The prosecution in convicted Trump lackey Roger Stone's case filed sentencing recommendations last night for Stone for witness tampering in his role in the WikiLeaks DNC hack, and asked for seven to nine years in prison. The Trump regime in the last 24 hours has gone completely insane with rage over the recommendation.
The Justice Department plans to reduce its sentencing recommendation for Roger Stone, a longtime confidant of President Trump, after top officials professed to be blindsided by the seven-to-nine-year penalty prosecutors urged a judge to impose, a senior Justice Department official said Tuesday.
In a stunning rebuke of career prosecutors that immediately raised questions about political interference in the case, a senior Justice Department official said the department “was shocked to see the sentencing recommendation in the Roger Stone case last night.”
“That recommendation is not what had been briefed to the department,” the official said, speaking on the condition of anonymity to discuss a sensitive case. “The department finds the recommendation extreme and excessive and disproportionate to Stone’s offenses. The department will clarify its position later today.”
The statement came hours after Trump tweeted about the sentence prosecutors recommended, saying: “This is a horrible and very unfair situation. The real crimes were on the other side, as nothing happens to them. Cannot allow this miscarriage of justice!” The senior Justice Department official, though, said the decision to revise prosecutors’ recommendation came before Trump’s tweet.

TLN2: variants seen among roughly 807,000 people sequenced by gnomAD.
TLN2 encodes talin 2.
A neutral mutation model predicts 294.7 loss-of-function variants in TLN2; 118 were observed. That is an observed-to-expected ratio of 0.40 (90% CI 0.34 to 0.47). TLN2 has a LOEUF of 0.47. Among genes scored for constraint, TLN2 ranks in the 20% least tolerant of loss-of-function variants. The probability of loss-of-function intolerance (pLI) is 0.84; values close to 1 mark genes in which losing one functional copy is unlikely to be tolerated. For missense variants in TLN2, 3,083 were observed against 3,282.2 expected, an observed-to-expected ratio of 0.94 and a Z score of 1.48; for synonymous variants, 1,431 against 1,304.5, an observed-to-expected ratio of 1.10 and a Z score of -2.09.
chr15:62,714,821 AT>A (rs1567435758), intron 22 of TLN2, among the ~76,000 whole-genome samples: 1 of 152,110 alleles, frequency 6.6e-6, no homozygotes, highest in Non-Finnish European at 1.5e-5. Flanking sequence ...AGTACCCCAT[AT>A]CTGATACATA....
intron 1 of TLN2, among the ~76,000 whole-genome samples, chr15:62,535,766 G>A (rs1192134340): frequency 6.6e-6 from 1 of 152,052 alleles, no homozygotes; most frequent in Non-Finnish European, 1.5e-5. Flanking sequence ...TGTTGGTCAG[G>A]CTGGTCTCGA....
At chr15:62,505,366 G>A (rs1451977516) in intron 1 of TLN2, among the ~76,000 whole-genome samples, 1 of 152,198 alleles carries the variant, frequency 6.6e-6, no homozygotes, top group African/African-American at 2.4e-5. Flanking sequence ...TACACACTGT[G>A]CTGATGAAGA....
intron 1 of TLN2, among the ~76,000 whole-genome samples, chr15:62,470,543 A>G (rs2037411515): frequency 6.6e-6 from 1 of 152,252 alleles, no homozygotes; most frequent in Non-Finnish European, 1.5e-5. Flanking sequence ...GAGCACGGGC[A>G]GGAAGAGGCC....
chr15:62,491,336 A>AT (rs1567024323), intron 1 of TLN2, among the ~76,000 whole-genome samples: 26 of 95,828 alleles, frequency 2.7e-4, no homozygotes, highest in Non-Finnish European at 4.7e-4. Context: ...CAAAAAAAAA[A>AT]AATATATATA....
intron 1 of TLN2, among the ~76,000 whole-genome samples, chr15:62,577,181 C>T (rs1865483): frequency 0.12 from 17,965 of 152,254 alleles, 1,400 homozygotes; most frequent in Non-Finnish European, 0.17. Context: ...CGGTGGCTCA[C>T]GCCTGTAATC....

Stone was convicted by a jury in November of obstructing Congress and witness tampering. His was the last conviction secured by special counsel Robert S. Mueller III as part of the investigation of Russian interference in the 2016 election.
Stone has been a friend and adviser to Trump since the 1980s and was a key figure in his 2016 campaign, working to discover damaging information on Democratic opponent Hillary Clinton.
All four prosecutors who signed the sentencing memo have now left the Stone case over the DoJ overriding the recommendations, one has resigned from the DoJ completely in protest.
Four federal prosecutors dramatically quit the criminal case against Republican operative Roger Stone as the Department of Justice reduced their recommendation that a judge sentence the longtime ally of President Donald Trump to up to nine years in prison.
In a revised sentencing memo filed Tuesday, Timothy Shea, U.S. Attorney for Washington, D.C., said Stone deserves to be sentenced to “far less” time in prison than what the four prosecutors, who worked under Shea, proposed Monday.
Jonathan Kravis, who delivered the closing argument at Stone’s trial last fall, resigned as an assistant U.S. Attorney, according to a court filing in Washington federal court.
Kravis, who did not give a reason in the filing, will no longer work as a prosecutor for the federal government.
The other three prosecutors, Aaron Zelinsky, Adam Jed and Michael Marando, also withdrew from Stone’s case, according to their own separate filings, which did not explain their decision.
But those three all will continue working for the federal government.
Marcy Wheeler believes this is being done to keep Stone from talking to the press. It's not just helping a loyal lackey, it's self-preservation. Trump doesn't just want to commute Stone's sentence or pardon Stone (or both!) but that he has to.